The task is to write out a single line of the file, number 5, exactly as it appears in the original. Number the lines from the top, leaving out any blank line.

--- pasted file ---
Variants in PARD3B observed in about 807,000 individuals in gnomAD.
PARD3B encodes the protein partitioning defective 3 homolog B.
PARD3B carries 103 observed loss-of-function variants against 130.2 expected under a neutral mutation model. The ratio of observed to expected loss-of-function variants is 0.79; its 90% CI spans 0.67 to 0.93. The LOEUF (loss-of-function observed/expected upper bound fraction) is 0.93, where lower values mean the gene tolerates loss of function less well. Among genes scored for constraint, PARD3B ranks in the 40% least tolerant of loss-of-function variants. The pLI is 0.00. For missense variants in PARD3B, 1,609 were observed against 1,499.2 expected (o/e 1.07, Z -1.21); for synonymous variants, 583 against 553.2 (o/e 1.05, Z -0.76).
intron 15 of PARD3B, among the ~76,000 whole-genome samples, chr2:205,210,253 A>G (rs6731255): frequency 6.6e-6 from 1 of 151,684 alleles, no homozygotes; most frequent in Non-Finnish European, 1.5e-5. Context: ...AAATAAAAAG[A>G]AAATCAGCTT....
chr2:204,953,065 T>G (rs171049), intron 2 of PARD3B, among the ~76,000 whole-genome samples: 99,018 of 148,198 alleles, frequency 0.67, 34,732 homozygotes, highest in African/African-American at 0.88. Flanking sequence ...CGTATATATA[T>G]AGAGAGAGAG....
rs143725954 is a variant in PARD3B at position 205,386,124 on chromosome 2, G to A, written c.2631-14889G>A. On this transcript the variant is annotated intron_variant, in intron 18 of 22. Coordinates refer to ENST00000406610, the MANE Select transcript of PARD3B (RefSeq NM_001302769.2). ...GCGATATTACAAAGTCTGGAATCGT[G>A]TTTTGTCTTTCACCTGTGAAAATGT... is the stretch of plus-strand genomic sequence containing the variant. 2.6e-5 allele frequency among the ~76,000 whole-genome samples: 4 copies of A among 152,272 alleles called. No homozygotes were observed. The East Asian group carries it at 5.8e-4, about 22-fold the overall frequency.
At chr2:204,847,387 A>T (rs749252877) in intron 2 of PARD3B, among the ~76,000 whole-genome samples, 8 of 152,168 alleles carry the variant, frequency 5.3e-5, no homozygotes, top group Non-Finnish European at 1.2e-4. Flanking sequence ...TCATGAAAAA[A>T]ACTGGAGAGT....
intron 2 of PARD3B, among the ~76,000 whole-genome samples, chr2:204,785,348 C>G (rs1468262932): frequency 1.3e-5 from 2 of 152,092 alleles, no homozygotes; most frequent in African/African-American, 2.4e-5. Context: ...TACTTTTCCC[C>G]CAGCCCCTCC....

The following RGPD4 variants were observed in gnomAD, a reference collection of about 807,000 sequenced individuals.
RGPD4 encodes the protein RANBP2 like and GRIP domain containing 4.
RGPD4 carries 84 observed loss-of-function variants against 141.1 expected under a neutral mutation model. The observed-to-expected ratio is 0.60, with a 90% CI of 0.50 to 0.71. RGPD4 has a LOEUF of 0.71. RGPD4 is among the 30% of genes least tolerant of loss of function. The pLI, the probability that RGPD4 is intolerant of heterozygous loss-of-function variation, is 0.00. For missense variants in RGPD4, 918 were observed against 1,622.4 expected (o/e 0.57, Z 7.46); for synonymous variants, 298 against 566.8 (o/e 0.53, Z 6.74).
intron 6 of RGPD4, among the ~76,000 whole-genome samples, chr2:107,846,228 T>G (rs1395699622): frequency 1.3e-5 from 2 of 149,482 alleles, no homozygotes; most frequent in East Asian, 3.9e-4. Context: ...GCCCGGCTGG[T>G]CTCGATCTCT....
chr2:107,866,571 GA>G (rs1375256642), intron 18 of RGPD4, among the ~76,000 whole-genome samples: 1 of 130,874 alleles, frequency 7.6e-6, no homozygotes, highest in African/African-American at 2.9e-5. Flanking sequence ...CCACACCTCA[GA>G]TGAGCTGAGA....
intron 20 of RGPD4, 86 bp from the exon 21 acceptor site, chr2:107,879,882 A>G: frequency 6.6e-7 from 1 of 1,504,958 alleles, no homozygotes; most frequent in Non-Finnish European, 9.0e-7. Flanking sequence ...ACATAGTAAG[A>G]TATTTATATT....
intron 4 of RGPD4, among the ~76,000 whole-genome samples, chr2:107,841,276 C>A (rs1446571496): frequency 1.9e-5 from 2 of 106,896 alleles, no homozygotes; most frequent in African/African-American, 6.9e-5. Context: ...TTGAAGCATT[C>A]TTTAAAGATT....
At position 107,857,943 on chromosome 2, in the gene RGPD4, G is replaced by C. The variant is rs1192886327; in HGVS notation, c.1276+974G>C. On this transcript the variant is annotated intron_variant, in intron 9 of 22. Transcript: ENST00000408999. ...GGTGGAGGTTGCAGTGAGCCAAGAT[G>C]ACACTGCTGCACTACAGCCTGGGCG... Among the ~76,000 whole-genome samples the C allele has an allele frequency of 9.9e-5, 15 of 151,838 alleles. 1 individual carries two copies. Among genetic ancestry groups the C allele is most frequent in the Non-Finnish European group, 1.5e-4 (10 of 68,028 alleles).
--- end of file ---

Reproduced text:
chr2:204,953,065 T>G (rs171049), intron 2 of PARD3B, among the ~76,000 whole-genome samples: 99,018 of 148,198 alleles, frequency 0.67, 34,732 homozygotes, highest in African/African-American at 0.88. Flanking sequence ...CGTATATATA[T>G]AGAGAGAGAG....